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Andrews v. Miller

Court of Appeals of Colorado, Third Division

December 19, 2019

Paul Andrews and Terry Andrews, Plaintiffs-Appellees,
v.
Mark Miller and Interior Living Designs LLC, a Colorado limited liability company, Defendants-Appellants.

          Chaffee County District Court No. 18CV30032 Honorable Amanda Hunter, Magistrate

          Marquez & Herrick-Stare, LLC, Randall Herrick-Stare, Salida, Colorado, for Plaintiffs-Appellees

          Cordova Law Firm, LLP, Zachary D. Cordova, Salida, Colorado, for Defendants-Appellants

          OPINION

          WEBB JUDGE

         ¶ 1 This interlocutory appeal arises from a district court magistrate's denial of a motion to dismiss and compel arbitration (the Motion) filed by defendants, Mark Miller and Interior Living Designs LLC (ILD). It requires us to determine whether the magistrate had jurisdiction under C.R.M. 6(c)(2) to rule on the Motion, which could be done only with the consent of the parties. The magistrate purported to act with consent based on the lack of any objection to the following statement in a stock order addressing delay reduction (the Delay Reduction Order):

All parties are hereby notified that a magistrate may perform any function in this case, with the exception of presiding over a jury trial. C.R.M. 3(f)(1)(A)(ii).

         ¶ 2 We conclude that because this notice did not inform the parties that they were required to consent to any particular function being performed by the magistrate, discussed only what the magistrate "may" do, and did not mention "consent," it was insufficient under C.R.M. 5(g). We also conclude that because the magistrate did not have the parties' consent, and motions to dismiss are not listed in C.R.M. 6(c)(1), she lacked jurisdiction to rule on the Motion under C.R.M. 6(c)(2). For these reasons, we reverse the magistrate's denial of the Motion and remand for further proceedings.

         I. Background

         ¶ 3 Plaintiffs, Paul and Terry Andrews, entered into a written contract with ILD for floor covering materials, which, according to their complaint, were never fully delivered. The Andrews pleaded claims for civil theft, for breach of contract, and to pierce the corporate veil, making Miller, ILD's president, liable for any judgment obtained against ILD.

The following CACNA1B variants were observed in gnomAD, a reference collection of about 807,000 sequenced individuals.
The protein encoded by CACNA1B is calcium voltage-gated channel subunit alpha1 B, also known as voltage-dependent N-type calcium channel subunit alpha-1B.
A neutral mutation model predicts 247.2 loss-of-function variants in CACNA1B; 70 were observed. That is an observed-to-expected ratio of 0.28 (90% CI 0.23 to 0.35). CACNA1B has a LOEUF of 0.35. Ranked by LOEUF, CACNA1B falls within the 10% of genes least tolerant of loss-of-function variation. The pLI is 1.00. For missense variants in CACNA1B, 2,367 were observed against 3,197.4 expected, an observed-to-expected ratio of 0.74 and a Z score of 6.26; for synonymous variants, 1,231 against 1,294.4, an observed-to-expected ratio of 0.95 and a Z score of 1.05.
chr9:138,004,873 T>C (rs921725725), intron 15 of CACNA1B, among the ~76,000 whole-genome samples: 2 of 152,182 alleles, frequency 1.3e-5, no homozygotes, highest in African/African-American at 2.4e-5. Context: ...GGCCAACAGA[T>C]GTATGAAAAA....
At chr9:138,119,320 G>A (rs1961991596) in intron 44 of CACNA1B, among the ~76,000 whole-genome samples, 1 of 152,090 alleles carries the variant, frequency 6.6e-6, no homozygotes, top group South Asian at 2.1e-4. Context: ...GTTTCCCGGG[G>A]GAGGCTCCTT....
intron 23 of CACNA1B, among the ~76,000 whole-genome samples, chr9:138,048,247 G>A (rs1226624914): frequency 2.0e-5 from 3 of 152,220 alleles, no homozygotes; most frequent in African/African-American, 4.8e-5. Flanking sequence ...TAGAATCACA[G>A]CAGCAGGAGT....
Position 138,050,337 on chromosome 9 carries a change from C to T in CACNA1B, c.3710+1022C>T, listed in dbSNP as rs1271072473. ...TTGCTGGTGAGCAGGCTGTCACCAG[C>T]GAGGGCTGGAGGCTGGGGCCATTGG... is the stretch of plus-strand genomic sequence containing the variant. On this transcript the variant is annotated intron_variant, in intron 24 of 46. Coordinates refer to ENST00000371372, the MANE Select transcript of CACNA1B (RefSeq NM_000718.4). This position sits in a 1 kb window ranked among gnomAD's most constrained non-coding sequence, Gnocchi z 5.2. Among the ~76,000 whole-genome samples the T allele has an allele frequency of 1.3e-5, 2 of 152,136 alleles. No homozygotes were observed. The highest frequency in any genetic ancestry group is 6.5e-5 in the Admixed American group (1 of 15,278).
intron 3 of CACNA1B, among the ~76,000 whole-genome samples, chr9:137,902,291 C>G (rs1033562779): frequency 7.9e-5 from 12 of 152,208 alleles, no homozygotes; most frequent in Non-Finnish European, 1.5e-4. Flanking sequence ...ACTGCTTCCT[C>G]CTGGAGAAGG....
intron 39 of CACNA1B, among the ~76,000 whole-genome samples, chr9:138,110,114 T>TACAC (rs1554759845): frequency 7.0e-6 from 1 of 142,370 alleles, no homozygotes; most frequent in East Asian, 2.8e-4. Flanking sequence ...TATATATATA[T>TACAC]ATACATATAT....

¶ 4 After the magistrate entered the Delay Reduction Order, [1] defendants filed the Motion based on an arbitration provision in the contract.[2] After full briefing on the Motion but without holding a hearing, the magistrate denied it, finding that the arbitration provision was "void as against public policy" and "unenforceable." The magistrate's order said that it was "issued with the consent of the parties." Following entry of the Delay Reduction Order, this ruling was the magistrate's only action in the case.

         ¶ 5 Defendants moved for district court review under C.R.M. 7(a). Citing to the Delay Reduction Order, the magistrate denied the motion. She explained, "The court presides over this case with the consent of the parties" and "any appeal must be taken pursuant to C.R.M. 7(b)" in the court of appeals.[3] Defendants then filed their notice of appeal.

         II. Law and Standard of Review

         ¶ 6 A district court magistrate has only those powers provided by statute or court rule. See § 13-5-201(3), C.R.S. 2019 ("District court magistrates may hear such matters as are determined by rule of the supreme court . . . ."); see also In re R.G.B., 98 P.3d 958, 960 (Colo.App. 2004) (a magistrate is a hearing officer who acts with limited authority). The Colorado Rules for Magistrates set forth the authority of magistrates to perform particular functions in different types of cases. Heotis v. Colo. Dep't of Educ., 2016 COA 6, ¶ 10. C.R.M. 6 distinguishes between functions in cases that a magistrate can perform only with the consent of the parties and functions that a magistrate can perform without the parties' consent.

         ¶ 7 This appeal turns on interpretation of the magistrate rules, which we review de novo. In re Parental Responsibilities of M.B.-M., 252 P.3d 506, 509 (Colo.App. 2011). We interpret all court rules, consistent with principles of statutory construction, looking first to the plain and ordinary meaning of the words used. Hiner v. Johnson, 2012 COA 164, ΒΆ 13. If the language is unambiguous - and we discern no ambiguity in the relevant ...


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